Joe Greene and Paddy Bergin were summoned following a fracas in Baltinglass and on conviction were each fined £5.00.  Other workers were charged in Athy District Court following disturbances at Levitstown and surrounding areas and they incurred the same financial penalties.

The striking workers met each morning at the Round Bush at Kilkea and it was there that the memorial plaque to Joe Greene was unveiled last week.  Even when they were working and earning a weekly wage local farm workers had a hard time financially but having to rely solely on the financial contributions of fellow trade unionists and local sympathisers meant that their plight was pitiable for the duration of the strike.

Local dignatories including Michael G. Nolan, the Chairman of Athy Urban District Council and a member of Kildare County Council tried to mediate between the parties. A meeting was held in November 1947 at which Nolan presided but unfortunately terms could not be agreed between the parties.  The Strike / Lockout dragged on and was not finally settled until a week before Christmas 1947.  It had lasted nine weeks. 

Joe Greene who had started his working life as a farm labourer was taken on as a full time union official by the Federated Union of Rural Workers.  Paddy Bergin in an article which appeared in the 1990 edition of “Carlow Past and Present” recounted how badly Joe was treated by the Union when they terminated his employment sometime after the Kilkea Strike / Lockout.  Fortunately Joe was offered a job by local publican Mary Ann Doyle and he finished out his working life as a popular barman in Doyle’s of Castledermot.

One other story arising out of the Kilkea Strike / Lockout told by Paddy Bergin which deserves to be retold related to Jim Loughman who was employed by Kildare County Council as a road worker.  Jim lived near Maganey and one day towards the end of the dispute he contacted Paddy Bergin and gave him a donation of £15.00 for the workers.  This was a substantial sum of money at a time when the agricultural workers earned £2.13/6 per week.  Jim who was a noted traditional fiddler had apparently sold his winter supply of turf and hay and passed on the entire proceeds to Paddy Bergin to be shared among the striking workers.  His unstinting generosity was equalled only by the sacrifices made by the striking farm workers who for nine weeks held out for the right to a half day holiday each week.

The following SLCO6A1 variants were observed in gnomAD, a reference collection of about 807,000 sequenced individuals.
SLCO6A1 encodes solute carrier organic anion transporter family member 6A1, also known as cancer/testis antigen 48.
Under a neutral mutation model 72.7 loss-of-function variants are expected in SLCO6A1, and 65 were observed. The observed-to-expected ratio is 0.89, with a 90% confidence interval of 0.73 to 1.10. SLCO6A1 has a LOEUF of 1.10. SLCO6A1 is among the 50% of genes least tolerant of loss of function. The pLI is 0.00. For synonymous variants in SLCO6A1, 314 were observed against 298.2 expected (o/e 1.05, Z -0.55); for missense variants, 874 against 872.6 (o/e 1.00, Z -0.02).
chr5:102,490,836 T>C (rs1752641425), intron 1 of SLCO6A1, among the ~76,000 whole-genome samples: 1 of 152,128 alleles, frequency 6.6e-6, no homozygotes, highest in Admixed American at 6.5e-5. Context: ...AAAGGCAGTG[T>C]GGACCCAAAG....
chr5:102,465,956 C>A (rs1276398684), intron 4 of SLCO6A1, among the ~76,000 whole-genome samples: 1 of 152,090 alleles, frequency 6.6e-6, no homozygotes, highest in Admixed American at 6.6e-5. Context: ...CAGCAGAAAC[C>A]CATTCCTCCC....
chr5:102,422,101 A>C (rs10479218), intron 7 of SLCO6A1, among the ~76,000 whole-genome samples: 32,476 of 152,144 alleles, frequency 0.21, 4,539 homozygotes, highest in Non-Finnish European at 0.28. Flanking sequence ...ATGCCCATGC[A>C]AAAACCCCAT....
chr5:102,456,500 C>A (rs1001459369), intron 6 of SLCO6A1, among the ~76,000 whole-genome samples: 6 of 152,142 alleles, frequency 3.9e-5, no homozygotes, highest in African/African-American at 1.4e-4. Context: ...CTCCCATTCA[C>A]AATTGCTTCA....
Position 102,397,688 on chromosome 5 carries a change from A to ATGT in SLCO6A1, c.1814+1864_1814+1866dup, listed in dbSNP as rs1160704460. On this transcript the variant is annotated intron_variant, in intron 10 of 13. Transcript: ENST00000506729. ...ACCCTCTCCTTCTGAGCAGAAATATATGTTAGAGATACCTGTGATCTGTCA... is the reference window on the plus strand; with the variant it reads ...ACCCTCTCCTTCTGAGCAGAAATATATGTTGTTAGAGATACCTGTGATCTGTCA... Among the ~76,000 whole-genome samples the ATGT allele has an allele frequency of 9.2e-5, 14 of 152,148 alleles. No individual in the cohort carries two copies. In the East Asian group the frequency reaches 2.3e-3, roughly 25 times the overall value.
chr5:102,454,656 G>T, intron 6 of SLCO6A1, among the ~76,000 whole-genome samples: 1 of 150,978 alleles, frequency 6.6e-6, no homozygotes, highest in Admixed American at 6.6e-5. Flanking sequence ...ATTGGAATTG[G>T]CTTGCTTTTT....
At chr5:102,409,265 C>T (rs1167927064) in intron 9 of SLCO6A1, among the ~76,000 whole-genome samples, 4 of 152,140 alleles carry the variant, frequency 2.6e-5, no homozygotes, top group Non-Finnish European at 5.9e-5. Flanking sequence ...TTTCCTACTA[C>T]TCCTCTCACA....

Some years following the Kilkea farm workers dispute an Act was passed in the Dáil which gave agricultural workers a legal entitlement to a weekly half day holiday.  The memorial recently erected in Joe Greene’s memory was funded by the Rural Workers Section of S.I.P.T.U. with whom the Worker’s Union of Ireland had amalgamated some years ago.  The original Federation of Rural Worker’s Union in which Joe Greene had been a branch secretary had earlier been subsumed into the Worker’s Union.   Given Paddy Bergin’s criticism of the Union’s treatment of Joe in the aftermath of the Kilkea dispute it is perhaps fitting that the largest Union in the country should acknowledge the part played by Joe Greene in furthering the worker’s cause.  Joe Greene and the Kilkea workers deserved to be remembered but so too do Jim Loughman and all those who gave support to the local farm workers during the nine weeks labour dispute of 1947.